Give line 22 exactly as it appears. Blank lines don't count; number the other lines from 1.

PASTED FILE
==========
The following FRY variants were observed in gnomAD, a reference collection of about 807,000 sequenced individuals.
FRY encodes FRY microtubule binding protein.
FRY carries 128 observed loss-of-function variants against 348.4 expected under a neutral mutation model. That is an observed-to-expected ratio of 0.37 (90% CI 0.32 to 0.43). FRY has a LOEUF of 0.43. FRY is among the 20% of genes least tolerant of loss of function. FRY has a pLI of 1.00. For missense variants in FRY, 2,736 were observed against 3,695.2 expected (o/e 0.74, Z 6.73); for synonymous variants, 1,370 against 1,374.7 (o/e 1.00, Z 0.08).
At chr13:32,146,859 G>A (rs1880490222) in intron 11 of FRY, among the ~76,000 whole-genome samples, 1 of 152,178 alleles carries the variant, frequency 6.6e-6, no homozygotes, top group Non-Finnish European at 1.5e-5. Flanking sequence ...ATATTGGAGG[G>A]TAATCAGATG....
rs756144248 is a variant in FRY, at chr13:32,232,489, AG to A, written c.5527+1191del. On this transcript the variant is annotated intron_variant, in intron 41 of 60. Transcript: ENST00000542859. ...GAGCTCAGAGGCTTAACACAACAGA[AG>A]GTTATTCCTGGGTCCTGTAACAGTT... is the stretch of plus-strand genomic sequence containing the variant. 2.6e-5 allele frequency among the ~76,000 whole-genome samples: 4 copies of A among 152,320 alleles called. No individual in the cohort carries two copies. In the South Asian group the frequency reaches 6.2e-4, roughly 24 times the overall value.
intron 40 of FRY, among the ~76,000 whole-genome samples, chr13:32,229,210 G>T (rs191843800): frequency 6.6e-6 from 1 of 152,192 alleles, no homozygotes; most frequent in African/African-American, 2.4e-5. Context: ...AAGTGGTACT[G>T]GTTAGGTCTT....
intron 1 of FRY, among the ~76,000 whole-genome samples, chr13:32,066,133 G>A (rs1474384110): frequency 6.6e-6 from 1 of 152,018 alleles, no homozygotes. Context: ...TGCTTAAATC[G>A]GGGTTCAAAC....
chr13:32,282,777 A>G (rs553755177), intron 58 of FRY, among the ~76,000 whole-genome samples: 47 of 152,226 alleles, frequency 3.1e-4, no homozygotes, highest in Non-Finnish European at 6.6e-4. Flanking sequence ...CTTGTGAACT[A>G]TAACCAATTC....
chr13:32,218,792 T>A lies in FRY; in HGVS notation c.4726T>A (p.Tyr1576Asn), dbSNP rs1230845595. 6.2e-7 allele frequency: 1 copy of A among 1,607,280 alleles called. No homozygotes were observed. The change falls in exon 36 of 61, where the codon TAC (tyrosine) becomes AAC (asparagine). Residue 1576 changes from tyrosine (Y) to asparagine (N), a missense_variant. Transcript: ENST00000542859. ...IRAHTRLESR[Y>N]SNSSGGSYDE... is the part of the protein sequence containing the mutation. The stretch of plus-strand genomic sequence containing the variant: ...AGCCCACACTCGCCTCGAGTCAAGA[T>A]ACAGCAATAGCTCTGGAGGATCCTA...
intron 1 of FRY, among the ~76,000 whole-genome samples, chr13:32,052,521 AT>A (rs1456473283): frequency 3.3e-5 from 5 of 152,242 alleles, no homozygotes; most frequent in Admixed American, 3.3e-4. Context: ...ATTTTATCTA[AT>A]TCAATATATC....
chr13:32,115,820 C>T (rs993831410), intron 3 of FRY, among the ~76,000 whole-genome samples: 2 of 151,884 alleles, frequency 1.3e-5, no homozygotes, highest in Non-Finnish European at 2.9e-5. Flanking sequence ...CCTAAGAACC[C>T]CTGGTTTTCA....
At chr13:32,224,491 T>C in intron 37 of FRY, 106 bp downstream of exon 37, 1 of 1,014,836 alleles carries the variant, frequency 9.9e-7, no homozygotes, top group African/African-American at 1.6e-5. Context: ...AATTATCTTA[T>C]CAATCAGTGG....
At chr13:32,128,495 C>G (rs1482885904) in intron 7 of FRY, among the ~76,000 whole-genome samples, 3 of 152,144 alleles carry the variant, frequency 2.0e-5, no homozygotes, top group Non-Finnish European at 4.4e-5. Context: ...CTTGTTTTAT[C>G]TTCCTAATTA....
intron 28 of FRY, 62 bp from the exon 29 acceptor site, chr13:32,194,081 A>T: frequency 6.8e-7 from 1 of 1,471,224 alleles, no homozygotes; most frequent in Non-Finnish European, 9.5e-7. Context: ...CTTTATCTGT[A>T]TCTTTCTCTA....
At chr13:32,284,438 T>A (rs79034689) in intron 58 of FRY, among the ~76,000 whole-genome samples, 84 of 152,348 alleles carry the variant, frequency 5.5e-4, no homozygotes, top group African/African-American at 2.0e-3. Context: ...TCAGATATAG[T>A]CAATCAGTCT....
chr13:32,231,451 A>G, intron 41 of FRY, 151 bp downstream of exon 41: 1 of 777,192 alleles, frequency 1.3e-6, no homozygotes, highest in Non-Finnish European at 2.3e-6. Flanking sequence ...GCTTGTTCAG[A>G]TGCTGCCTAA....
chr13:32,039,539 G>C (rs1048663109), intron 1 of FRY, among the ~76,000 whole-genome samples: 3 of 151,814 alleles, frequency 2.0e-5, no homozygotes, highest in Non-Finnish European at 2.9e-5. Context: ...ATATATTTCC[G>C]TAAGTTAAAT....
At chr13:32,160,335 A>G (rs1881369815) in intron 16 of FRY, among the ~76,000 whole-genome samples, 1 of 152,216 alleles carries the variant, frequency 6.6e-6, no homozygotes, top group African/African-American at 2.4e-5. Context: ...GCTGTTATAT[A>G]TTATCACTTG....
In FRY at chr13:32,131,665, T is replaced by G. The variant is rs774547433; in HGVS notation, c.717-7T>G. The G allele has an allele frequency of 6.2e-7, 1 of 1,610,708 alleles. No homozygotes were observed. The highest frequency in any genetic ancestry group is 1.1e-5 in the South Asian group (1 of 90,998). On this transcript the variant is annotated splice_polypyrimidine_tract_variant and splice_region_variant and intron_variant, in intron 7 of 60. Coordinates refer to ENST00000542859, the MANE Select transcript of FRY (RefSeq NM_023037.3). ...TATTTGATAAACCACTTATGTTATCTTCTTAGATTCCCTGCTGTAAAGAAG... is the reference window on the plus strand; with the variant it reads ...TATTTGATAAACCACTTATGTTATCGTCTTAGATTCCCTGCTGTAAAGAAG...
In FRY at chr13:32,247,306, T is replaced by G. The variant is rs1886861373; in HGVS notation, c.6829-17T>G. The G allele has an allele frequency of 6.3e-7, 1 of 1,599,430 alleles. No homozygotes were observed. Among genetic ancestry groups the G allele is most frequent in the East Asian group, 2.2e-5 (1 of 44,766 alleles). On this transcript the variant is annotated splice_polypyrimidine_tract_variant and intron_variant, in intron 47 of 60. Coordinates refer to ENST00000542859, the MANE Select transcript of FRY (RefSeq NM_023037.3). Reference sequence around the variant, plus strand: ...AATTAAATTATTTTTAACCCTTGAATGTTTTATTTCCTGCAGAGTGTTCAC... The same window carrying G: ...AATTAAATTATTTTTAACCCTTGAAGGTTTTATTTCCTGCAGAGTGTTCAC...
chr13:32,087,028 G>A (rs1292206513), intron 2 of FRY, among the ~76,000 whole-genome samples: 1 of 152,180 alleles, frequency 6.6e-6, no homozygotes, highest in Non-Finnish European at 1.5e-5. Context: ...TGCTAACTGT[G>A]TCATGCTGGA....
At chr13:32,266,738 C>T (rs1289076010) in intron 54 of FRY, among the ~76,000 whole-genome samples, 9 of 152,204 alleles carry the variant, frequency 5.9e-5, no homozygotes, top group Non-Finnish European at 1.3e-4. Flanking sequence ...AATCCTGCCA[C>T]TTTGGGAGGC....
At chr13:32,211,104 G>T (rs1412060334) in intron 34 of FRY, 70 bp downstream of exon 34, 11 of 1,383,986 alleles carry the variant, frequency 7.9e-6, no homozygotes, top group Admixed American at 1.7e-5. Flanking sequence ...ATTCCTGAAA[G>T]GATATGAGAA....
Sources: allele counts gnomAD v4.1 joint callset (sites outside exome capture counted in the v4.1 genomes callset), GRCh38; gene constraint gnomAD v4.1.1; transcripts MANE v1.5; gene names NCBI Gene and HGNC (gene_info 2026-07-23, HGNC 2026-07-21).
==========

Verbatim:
At chr13:32,266,738 C>T (rs1289076010) in intron 54 of FRY, among the ~76,000 whole-genome samples, 9 of 152,204 alleles carry the variant, frequency 5.9e-5, no homozygotes, top group Non-Finnish European at 1.3e-4. Flanking sequence ...AATCCTGCCA[C>T]TTTGGGAGGC....